More Options Means More Pathways to Circularity

Rethinking, reusing and recycling plastics in your daily life.

How many ways are there to solve the answer to a math problem? Usually more than one, right? In the same way, lots of innovative products and business models are helping us find answers to solve the problem of plastic waste. By rethinking things a bit, we can reuse and recycle plastic items, and move toward a more circular economy for plastic.

It’s up to each of us to educate ourselves and choose products that best fit our daily lifestyles, then responsibly use, reuse and recycle those products. Check out some of the companies and reusable plastic products that are making a difference:

  • Care for a refill? Companies like Blueland start you off with a durable, reusable spray bottle, then ship you refill pods of cleaner to mix with water in the same bottle. Other companies sell large bottles of cleaner to refill smaller spray bottles and use them again and again.
  • A new chapter for reusables: Using the “library subscription” model, GO Box is connecting conscious consumers, food vendors and grocery stores in Portland around a shared asset — reusable plastic containers and cups. You purchase a monthly or annual subscription, which allows you to “check out” a specific number of containers at a time from participating companies. The container could be used to pile a salad in at the grocery store or to delicately hold a taco from your favorite local food truck. After use, you must return the container to a designated drop-off site in order to be able to take another.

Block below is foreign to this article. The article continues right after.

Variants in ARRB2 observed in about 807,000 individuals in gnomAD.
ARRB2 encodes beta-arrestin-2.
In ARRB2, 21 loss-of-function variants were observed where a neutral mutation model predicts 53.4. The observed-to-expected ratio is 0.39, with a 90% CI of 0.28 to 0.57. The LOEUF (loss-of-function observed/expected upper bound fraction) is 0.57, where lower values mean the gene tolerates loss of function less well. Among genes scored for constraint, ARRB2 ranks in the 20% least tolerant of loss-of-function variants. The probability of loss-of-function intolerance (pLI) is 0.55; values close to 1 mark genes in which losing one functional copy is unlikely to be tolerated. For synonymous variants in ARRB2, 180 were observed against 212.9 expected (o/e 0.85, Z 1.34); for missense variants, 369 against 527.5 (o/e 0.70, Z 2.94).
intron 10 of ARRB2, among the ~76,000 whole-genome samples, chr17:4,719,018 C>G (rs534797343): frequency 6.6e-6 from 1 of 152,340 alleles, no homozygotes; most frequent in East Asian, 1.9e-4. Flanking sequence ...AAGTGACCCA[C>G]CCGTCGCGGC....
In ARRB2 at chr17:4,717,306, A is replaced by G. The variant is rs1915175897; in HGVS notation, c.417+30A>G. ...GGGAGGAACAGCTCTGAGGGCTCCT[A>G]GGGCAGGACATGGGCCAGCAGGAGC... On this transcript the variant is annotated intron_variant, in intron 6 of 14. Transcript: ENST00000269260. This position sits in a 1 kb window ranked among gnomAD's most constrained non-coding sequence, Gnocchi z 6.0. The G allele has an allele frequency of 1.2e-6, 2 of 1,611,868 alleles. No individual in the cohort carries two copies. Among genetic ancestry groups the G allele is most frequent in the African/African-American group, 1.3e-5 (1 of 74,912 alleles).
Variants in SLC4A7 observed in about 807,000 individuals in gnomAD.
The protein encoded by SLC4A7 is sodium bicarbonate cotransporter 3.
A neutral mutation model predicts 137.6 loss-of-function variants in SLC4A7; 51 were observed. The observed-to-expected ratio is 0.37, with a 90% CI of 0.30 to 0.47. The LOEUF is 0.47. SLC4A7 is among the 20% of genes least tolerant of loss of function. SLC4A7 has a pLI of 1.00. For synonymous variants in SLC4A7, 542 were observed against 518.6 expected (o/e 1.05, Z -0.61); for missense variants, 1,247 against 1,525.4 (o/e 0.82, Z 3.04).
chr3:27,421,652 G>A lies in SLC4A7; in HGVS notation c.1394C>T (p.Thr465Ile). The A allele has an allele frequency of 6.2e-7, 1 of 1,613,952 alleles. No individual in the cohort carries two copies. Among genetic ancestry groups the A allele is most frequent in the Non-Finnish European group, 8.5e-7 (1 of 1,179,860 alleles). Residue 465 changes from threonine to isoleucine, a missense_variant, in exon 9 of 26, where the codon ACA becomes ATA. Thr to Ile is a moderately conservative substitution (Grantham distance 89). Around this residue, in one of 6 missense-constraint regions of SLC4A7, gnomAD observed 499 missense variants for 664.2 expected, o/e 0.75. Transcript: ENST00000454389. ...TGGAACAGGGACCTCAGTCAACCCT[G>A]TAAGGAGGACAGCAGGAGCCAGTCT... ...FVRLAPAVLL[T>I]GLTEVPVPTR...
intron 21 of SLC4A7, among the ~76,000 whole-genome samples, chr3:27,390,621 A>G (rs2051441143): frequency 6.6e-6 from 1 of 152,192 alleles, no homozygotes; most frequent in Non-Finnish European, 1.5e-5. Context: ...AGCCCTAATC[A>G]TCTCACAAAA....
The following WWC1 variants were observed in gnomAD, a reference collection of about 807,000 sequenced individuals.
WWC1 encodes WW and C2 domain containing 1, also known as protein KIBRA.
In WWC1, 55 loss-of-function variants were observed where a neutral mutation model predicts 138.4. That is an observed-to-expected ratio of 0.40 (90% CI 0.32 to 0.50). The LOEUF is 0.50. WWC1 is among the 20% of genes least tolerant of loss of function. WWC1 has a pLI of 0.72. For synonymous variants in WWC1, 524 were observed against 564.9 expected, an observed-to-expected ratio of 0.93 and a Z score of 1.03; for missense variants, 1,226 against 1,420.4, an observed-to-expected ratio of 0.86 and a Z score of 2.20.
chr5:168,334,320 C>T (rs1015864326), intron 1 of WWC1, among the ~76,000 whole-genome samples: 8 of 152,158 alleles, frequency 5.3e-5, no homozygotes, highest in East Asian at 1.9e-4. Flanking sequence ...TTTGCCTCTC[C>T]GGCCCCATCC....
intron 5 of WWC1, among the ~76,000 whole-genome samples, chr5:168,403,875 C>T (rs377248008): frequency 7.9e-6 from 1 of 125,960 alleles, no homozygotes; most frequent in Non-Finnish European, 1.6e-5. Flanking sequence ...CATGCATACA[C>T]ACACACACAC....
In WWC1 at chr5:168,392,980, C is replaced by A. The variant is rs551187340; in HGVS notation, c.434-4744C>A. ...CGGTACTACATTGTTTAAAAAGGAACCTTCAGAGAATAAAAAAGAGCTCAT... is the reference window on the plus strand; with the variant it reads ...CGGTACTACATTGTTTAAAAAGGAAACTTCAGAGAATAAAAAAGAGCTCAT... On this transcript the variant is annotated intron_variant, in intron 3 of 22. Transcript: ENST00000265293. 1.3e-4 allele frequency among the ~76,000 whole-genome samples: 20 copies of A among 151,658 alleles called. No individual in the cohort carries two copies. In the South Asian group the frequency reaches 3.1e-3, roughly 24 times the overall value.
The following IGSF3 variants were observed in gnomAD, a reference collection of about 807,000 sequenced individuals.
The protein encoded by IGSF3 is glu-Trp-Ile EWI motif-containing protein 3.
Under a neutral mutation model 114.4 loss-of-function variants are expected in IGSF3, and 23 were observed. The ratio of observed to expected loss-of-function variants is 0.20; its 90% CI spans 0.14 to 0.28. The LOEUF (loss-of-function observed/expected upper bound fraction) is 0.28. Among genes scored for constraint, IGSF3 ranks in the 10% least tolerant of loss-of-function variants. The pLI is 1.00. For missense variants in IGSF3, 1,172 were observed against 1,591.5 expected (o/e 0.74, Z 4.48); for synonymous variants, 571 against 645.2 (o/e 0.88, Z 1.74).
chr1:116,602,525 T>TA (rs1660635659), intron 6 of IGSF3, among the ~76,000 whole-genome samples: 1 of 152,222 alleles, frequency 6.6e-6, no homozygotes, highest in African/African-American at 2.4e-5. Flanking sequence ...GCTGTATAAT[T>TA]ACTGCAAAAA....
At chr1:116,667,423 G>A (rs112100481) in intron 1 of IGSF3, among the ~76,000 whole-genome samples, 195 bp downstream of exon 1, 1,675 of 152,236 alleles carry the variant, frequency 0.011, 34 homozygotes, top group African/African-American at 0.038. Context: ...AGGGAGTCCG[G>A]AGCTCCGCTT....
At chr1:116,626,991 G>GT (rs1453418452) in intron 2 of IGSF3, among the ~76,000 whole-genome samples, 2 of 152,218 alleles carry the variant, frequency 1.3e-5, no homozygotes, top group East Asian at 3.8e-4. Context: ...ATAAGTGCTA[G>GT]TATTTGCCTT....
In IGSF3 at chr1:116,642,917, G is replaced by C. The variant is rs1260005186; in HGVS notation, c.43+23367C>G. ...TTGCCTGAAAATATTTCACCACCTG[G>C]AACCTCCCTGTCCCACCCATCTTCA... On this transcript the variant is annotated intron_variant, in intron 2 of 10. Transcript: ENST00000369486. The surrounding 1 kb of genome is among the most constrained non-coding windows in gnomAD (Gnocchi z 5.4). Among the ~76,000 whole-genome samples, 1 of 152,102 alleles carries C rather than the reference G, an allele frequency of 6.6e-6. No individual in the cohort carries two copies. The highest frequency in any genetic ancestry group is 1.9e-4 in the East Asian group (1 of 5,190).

• Rehydrate yourself. Reusable water bottles, such as those made by Nalgene, help you stay hydrated while also reducing plastic waste. In fact, Nalgene estimates that using a reusable bottle for your daily water intake keeps 1,460 single-use bottles out of landfills each year.
  • Greener grocer. Both reusable plastic grocery bags and plastic carryout bags from the store serve the same purpose, but they need to be reused or recycled in different ways. Reusable bags should be washed and fully dried between uses to keep them clean. (Here are some quick tips on how to wash reusable grocery bags.) Plastic carryout bags can be recycled at participating stores and other locations nationwide — just not in most home curbside recycling bins.

No matter what product or packaging you choose — reusable, multi-use or single-use — consider its sustainability and overall lifecycle impacts. How can you reuse or recycle something to extend its purpose? For example, think about reusing a plastic grocery bag to clean up after pets, as a trash-can liner, as packing material, to put inside a shoe to help maintain its shape, or as a plant protector in bad weather.

If you can’t reuse it, recycle it! It’s easier than you may think. Find recycling drop-off locations for bags and other plastic film packaging here. There are many ways to get to the same answer — try some of these ideas to reduce your plastic waste at home.

Continue to visit America’s Plastic Makers: Making Sustainable ChangeSM to learn more about how innovative products and business models can play a role in achieving a more circular economy for plastics — and help end plastic waste.